The Saatchi artists are in a similar position to the editors of and writers who've appeared in Fence (I am one of them); not because they, with postmodern shamelessness and elan have willingly entered a scene that takes its name from an advertising executive, but rather because they have become identified with each other by submitting to and appearing in the same magazine and not by cohering within a geographically or politically or even aesthetically defined space. We didn't make the magazine but found it within a historically pre-existing landscape; now we must take responsibility for making it or be accused of bad faith. I am perfectly willing to accept this responsibility; I acknowledge that I came to the avant garde (I define this by an embrace of what I can only oxymoronically call traditionally avant garde values; I do not claim to be avant garde) through the back door of what Rebecca Wolff undercritically called "weirdness" and not through an enlightened politico-critical position. What I deny is any imputation that, having come in the back way, that I should be refused the front parlor or secret speakeasy den where the revolution is being plotted by those who laid the cornerstones to the house. Less flowerily (there's a Lawrentian phrase if ever I coined one), I simply want to argue that it is possible and, for me at least, creatively necessary for the Fence writer to develop a social-political position within his or her writing even if that writer was initially and only attracted by—shock of shocks!—their perhaps poorly understood pleasure in the "weird" texts first encountered in Fence, Conduit, Columbia Poetry Review, or any number of journals that publish the work not found in Poetry and The New Yorker, etc.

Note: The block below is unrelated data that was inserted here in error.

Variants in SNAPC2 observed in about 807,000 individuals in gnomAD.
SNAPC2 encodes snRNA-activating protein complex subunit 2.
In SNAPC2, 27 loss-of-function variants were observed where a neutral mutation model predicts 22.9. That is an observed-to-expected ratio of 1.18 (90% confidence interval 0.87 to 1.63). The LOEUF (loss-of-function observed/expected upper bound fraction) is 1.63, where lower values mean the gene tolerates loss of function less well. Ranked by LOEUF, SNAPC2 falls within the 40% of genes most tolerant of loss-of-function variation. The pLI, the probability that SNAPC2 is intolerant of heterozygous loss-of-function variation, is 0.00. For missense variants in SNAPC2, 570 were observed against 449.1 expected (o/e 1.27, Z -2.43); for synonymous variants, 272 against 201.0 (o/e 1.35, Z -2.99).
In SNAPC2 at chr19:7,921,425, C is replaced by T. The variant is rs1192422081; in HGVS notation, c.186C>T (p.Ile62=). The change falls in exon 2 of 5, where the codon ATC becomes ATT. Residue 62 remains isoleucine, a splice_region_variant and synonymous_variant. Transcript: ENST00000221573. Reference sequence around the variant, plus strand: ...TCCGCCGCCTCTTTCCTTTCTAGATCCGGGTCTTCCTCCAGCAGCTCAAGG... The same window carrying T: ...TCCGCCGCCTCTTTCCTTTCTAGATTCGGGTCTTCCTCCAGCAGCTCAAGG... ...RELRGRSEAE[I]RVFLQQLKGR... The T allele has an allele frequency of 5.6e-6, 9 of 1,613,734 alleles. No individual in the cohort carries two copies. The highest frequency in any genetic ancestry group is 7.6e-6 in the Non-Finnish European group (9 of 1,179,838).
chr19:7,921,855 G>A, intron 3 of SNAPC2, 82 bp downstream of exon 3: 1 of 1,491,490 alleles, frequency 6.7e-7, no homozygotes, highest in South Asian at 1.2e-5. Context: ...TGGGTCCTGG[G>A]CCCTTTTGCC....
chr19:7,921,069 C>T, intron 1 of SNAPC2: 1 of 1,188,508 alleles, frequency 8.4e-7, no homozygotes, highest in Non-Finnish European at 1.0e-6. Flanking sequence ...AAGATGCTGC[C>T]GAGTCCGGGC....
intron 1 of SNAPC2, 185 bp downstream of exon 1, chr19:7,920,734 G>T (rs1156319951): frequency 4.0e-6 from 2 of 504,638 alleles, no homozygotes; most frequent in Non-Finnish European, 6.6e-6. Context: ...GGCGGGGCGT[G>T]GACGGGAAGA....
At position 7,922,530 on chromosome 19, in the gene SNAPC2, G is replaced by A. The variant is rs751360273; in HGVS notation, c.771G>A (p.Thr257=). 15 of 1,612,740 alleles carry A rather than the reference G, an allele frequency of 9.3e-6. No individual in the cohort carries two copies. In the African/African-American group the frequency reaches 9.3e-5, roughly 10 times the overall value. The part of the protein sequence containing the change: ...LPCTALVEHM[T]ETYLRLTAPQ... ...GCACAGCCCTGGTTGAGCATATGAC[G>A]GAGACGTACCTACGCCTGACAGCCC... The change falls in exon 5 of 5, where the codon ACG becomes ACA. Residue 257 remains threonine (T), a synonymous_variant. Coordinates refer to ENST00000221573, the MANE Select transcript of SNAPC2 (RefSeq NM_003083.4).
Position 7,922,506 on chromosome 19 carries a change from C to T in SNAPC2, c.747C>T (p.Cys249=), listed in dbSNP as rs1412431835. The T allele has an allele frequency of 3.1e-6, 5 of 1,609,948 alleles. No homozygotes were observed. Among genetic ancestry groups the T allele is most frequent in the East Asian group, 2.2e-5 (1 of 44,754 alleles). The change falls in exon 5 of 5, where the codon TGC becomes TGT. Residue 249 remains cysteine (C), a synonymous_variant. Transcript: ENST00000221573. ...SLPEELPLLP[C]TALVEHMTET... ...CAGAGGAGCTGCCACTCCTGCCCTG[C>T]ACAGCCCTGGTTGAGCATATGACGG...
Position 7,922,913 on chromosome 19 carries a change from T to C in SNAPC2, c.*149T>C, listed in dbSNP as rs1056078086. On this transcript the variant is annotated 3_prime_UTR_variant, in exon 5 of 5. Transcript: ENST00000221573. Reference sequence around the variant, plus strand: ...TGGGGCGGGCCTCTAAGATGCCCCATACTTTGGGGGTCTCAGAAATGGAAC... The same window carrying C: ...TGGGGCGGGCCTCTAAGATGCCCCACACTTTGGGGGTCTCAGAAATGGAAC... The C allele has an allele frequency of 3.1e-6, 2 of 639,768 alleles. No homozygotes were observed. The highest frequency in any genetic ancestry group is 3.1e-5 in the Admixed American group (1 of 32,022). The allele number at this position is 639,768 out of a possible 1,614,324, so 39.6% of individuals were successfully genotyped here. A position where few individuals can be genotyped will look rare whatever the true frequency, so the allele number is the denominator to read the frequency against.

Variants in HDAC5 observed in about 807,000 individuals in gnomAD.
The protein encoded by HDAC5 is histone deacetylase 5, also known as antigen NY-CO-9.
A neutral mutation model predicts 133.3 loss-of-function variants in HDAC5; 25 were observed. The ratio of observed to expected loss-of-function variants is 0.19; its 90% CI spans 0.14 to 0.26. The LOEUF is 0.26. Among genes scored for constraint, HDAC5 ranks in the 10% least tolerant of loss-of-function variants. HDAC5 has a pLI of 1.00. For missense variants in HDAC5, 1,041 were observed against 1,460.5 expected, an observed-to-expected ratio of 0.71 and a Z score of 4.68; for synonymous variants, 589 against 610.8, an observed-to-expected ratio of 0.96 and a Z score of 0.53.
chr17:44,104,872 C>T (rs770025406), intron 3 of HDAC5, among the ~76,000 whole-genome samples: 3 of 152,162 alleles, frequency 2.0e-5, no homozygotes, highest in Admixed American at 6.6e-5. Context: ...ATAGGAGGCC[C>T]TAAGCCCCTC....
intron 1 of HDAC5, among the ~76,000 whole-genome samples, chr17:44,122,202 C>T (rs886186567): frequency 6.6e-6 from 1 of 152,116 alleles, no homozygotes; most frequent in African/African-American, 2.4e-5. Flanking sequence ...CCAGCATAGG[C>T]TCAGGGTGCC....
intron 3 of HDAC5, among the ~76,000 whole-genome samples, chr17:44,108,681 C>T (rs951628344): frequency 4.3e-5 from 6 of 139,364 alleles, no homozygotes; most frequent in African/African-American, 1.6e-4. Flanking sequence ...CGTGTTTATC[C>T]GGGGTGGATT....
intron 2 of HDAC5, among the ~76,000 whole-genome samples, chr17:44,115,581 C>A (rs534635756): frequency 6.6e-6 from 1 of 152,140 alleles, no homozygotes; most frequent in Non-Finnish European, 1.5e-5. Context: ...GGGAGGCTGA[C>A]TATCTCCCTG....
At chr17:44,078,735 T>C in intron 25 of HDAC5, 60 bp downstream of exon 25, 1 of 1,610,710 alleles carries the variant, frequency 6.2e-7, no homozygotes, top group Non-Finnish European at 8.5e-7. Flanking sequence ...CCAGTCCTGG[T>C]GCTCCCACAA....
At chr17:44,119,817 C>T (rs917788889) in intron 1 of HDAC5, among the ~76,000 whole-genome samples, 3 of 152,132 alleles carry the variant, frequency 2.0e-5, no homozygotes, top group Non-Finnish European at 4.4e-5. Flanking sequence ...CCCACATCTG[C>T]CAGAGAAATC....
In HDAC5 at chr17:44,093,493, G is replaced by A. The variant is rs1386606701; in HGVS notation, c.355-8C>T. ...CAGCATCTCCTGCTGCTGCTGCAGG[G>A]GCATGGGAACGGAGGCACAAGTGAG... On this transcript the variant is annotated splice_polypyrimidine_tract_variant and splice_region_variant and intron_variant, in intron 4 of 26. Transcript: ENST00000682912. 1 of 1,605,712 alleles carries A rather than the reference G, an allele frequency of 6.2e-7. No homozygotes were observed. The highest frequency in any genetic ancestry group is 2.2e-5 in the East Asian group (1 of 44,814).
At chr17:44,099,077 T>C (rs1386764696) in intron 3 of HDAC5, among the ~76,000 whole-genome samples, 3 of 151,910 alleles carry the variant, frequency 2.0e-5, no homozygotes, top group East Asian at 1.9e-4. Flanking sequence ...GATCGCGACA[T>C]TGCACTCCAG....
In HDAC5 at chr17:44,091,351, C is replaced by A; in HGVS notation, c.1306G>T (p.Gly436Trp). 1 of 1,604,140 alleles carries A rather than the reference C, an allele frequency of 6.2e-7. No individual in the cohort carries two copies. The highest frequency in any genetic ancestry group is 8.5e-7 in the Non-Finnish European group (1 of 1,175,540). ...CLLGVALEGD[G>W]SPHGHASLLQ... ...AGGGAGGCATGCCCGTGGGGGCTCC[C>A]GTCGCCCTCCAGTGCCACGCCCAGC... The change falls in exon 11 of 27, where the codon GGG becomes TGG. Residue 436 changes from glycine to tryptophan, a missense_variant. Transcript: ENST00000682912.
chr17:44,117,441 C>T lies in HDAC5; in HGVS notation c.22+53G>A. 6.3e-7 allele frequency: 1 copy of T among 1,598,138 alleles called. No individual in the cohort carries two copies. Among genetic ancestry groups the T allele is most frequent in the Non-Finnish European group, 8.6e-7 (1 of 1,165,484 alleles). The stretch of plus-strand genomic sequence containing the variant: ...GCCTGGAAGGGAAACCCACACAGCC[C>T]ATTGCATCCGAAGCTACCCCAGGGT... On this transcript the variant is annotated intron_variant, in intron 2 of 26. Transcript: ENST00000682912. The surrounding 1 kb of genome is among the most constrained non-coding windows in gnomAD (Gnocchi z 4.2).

An aesthetic community is always and by definition more than a merely aesthetic community, because community is always a polis. And I've found the aesthetic community that's loosely formed around these magazines and blogs to be as non-hierarchical as I could wish; as far as I can see, you pay your ticket to enter simply by being interested enough (there are barriers to anyone's acquiring this interest, but that's a discussion for another time). From Skanky Possum to Nada & Gary I see people, some with MFAs and some without, coming together and making stuff happen without becoming or wanting to become "The Patron" (you can see a version of Ashley Bickerton's painting if you click here and scroll to the bottom) that Evans accuses Wolff of being. Once you're aware of this community of intersecting scenes, you belong to it. And you will be put in the position of rejecting or embracing what is other to you every time you check your e-mail inbox.

Evans' critique retains a good deal of force; it's out there, a dark planet troubling any will toward thoughtlessness on my part with its gravity well. No freedom without rigor, no play without impacting and being impacted by other people. No form without a force that one must assume a critical consciousness of and responsibility for, else you become another brick in the wall, another node in the Matrix. No solitude. What meaning will I make of being numerous? The question is urgent and inescapable.